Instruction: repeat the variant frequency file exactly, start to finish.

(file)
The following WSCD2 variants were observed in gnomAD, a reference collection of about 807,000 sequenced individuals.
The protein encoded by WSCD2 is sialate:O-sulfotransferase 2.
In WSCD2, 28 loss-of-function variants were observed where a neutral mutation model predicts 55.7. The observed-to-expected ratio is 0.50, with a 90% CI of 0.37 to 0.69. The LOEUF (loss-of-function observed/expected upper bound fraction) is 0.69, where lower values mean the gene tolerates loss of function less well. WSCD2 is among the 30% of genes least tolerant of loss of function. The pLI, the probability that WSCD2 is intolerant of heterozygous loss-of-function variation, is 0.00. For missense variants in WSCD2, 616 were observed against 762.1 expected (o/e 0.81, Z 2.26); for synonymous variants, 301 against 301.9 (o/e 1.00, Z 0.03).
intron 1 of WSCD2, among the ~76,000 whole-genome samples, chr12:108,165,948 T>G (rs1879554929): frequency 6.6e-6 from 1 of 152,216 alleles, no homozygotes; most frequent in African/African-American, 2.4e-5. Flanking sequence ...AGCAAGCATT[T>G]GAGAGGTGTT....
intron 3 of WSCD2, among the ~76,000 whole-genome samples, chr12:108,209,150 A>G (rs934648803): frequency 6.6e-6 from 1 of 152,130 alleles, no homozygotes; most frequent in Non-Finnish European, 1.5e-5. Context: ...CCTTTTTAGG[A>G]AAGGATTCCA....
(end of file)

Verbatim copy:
The following WSCD2 variants were observed in gnomAD, a reference collection of about 807,000 sequenced individuals.
The protein encoded by WSCD2 is sialate:O-sulfotransferase 2.
In WSCD2, 28 loss-of-function variants were observed where a neutral mutation model predicts 55.7. The observed-to-expected ratio is 0.50, with a 90% CI of 0.37 to 0.69. The LOEUF (loss-of-function observed/expected upper bound fraction) is 0.69, where lower values mean the gene tolerates loss of function less well. WSCD2 is among the 30% of genes least tolerant of loss of function. The pLI, the probability that WSCD2 is intolerant of heterozygous loss-of-function variation, is 0.00. For missense variants in WSCD2, 616 were observed against 762.1 expected (o/e 0.81, Z 2.26); for synonymous variants, 301 against 301.9 (o/e 1.00, Z 0.03).
intron 1 of WSCD2, among the ~76,000 whole-genome samples, chr12:108,165,948 T>G (rs1879554929): frequency 6.6e-6 from 1 of 152,216 alleles, no homozygotes; most frequent in African/African-American, 2.4e-5. Flanking sequence ...AGCAAGCATT[T>G]GAGAGGTGTT....
intron 3 of WSCD2, among the ~76,000 whole-genome samples, chr12:108,209,150 A>G (rs934648803): frequency 6.6e-6 from 1 of 152,130 alleles, no homozygotes; most frequent in Non-Finnish European, 1.5e-5. Context: ...CCTTTTTAGG[A>G]AAGGATTCCA....